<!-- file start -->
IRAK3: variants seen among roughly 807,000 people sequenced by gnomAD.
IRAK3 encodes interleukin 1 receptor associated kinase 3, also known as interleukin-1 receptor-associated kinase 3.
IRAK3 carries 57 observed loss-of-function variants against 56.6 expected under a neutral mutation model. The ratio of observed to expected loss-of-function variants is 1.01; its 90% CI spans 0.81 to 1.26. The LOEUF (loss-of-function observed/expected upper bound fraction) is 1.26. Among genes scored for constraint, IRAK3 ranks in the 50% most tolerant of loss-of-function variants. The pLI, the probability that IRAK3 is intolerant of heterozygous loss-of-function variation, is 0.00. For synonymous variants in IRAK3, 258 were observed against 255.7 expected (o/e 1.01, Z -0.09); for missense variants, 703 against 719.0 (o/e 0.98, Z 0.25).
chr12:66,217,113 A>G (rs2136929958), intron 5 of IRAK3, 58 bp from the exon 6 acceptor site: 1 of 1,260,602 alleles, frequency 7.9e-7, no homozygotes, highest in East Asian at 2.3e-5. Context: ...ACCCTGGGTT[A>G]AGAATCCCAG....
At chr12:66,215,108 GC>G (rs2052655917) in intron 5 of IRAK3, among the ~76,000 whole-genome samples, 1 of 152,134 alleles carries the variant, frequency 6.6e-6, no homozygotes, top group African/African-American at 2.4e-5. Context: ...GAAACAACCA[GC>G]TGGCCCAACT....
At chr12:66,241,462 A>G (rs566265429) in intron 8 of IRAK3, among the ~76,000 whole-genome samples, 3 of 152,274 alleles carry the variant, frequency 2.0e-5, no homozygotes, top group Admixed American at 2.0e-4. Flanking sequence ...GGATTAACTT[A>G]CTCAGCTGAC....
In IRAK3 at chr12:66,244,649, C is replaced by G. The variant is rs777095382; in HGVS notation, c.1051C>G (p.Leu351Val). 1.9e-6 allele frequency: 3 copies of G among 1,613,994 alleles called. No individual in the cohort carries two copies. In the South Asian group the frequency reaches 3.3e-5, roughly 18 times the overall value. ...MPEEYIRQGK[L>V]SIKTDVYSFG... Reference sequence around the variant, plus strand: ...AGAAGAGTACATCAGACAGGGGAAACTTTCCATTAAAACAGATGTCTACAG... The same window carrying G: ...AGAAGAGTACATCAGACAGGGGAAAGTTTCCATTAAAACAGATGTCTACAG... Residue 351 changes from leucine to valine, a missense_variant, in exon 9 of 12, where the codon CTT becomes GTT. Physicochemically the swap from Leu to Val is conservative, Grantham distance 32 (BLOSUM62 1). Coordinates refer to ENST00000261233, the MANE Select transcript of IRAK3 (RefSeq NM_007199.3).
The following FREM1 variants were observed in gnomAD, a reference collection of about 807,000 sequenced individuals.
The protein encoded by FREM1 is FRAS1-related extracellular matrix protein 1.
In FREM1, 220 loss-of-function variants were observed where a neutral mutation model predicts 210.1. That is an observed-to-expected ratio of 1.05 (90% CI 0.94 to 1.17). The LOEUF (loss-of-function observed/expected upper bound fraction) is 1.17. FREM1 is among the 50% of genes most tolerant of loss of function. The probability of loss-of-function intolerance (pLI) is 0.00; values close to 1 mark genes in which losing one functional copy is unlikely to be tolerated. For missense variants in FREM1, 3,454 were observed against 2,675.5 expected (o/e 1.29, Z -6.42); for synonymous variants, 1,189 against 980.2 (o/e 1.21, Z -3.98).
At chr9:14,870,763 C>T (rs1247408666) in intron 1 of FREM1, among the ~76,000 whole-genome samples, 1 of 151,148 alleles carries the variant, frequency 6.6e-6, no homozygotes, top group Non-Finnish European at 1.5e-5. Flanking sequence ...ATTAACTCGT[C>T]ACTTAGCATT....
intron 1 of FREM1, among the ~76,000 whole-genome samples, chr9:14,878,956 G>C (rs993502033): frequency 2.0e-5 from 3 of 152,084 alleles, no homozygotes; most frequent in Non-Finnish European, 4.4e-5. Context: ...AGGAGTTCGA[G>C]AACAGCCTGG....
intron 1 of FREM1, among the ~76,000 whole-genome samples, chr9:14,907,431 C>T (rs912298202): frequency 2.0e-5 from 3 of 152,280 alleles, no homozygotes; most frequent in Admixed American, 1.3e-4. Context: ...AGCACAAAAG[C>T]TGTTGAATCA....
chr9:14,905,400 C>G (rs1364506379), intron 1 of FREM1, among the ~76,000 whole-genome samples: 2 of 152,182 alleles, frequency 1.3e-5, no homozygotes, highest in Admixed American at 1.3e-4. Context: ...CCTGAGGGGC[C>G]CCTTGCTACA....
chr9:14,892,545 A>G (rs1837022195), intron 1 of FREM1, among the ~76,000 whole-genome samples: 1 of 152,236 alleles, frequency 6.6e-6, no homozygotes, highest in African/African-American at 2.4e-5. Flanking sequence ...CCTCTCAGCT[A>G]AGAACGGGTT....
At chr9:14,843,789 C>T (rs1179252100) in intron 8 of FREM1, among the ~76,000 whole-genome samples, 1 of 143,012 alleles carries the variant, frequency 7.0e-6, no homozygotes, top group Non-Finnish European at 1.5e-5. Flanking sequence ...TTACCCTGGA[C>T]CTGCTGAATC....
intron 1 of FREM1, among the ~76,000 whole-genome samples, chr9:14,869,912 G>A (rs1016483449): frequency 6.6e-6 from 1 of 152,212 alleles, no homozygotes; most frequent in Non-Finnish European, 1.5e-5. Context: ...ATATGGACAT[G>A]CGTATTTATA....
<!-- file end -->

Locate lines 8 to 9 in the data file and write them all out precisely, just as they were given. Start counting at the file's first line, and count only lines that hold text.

The following FREM1 variants were observed in gnomAD, a reference collection of about 807,000 sequenced individuals.
The protein encoded by FREM1 is FRAS1-related extracellular matrix protein 1.